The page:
Time to strain.  I have wire strainer that I set over the bowl from my Kitchen-Aid mixer (in the picture).  I then took my cheesecloth and folded it in quarters and put it in the strainer.  I poured the finished ghee through the cheesecloth to strain out the carbonized dairy solids.  Once it all strained, I then picked up the cheesecloth by the corners (making a pouch) and kept twisting it tight to squeeze out any ghee that was left.  Believe me when I say this step is worth it.  Between the solids and the cheesecloth you should be able to squeeze out several ounces.  As you can see by the picture, there are a lot of dairy solids that come out.  This also contains the casein which is an allergen for some folks, as well as one of the offending items for autistic kids.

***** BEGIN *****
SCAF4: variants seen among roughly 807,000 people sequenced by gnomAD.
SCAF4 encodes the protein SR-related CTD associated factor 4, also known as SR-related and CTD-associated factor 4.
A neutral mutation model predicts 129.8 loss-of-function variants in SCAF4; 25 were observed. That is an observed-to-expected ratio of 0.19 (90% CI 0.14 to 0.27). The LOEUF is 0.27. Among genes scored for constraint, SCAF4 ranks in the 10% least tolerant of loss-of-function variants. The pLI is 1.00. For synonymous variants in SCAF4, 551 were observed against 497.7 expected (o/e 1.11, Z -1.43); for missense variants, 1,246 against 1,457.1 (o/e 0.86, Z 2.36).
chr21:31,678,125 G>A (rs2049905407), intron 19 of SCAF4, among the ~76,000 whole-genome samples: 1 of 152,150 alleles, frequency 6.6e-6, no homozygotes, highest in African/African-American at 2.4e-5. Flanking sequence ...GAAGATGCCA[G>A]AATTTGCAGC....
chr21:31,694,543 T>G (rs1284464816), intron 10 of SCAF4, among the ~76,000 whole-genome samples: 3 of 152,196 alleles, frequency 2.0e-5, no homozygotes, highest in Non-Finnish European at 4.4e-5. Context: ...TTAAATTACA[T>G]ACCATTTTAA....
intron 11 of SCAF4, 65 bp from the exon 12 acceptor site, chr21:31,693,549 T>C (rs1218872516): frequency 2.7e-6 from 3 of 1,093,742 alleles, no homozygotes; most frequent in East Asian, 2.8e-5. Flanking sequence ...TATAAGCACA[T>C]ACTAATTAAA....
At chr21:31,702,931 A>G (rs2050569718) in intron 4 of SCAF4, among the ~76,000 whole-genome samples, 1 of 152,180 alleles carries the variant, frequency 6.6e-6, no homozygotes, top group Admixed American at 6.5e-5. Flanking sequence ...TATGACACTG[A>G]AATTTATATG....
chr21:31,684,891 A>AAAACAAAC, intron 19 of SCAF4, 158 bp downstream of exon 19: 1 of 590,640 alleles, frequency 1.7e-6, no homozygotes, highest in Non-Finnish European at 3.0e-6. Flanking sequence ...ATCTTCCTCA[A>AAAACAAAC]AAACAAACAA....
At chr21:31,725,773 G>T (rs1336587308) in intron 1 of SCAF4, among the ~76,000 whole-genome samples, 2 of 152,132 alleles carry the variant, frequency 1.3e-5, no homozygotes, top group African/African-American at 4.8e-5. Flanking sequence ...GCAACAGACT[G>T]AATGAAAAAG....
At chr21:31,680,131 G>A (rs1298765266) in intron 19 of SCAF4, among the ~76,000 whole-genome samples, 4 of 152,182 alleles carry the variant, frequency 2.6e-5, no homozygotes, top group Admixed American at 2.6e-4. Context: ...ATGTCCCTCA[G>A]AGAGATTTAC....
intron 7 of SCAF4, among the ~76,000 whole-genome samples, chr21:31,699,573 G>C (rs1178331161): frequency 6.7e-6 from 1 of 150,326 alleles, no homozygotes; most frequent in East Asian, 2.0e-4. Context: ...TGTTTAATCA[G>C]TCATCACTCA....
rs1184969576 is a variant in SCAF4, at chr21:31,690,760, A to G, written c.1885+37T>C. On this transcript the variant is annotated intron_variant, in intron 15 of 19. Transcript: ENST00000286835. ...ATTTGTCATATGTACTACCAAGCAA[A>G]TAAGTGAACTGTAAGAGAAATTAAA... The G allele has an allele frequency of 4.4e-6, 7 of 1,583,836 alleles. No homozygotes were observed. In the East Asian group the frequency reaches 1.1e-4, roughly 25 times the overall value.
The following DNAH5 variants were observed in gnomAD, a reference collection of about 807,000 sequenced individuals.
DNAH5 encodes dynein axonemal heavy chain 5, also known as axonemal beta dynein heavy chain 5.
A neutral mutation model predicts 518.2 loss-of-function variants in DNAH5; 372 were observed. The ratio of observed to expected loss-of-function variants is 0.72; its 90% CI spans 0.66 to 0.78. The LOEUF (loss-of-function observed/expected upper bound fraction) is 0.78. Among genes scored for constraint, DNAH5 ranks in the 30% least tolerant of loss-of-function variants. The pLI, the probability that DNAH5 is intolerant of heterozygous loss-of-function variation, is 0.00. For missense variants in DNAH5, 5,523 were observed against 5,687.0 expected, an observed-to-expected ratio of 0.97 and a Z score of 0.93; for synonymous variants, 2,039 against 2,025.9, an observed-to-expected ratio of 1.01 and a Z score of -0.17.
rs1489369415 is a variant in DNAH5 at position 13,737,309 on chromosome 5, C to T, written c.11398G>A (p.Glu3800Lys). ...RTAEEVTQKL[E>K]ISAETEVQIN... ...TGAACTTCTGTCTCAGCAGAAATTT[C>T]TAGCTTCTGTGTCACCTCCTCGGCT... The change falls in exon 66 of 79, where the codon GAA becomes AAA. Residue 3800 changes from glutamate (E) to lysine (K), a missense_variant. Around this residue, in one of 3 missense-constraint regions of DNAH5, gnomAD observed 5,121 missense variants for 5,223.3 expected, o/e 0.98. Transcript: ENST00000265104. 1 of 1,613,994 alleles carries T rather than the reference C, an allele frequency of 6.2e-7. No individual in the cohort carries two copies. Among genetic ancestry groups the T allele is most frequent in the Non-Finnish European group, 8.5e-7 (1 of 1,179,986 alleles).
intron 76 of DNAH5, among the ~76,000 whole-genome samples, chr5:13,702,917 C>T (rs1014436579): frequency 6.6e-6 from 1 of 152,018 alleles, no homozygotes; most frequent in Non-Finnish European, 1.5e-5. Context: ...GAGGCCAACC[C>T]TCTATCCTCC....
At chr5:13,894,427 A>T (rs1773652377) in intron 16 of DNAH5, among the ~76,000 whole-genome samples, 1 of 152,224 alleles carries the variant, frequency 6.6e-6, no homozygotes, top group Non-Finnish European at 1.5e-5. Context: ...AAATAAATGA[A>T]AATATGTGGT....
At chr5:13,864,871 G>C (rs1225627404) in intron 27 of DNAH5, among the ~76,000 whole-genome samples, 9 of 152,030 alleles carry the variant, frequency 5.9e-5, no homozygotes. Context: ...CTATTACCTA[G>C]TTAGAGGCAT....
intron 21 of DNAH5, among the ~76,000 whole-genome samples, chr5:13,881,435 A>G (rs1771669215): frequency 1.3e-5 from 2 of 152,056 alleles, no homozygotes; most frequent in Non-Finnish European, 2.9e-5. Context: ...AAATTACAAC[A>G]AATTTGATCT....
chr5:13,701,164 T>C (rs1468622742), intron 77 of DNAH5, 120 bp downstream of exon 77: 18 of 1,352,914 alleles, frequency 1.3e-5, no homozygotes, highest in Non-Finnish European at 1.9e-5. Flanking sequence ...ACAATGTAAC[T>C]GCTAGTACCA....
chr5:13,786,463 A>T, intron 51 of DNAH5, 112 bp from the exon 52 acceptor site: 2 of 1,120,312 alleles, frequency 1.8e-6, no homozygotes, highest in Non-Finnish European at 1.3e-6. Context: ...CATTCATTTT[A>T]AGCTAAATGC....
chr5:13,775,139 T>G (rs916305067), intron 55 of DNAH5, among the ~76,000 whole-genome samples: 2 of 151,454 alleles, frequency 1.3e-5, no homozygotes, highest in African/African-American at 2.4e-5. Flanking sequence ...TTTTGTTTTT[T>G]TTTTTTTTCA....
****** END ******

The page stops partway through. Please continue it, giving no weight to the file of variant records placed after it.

Here’s what’s removed from the butter when you turn it into ghee. The dairy is completely carbonized. I strained it through cheesecloth then squeezed out the excess.ghee 2I started with 6 pounds of butter (on sale $2 a pound). The finished result netted me 1 quart jar and 7 eight ounce jars. This lasted us for about 12 weeks.  Put the lids on and put it in the cabinet.  Treat it as you would any other oil.  Just so you’re aware, if your home is cool this may start to solidify and that’s okay, you haven’t done anything wrong making it.

Mountain Rose Herbs. A herbs, health and harmony c

Okay, I made it.  Now what do I do with it?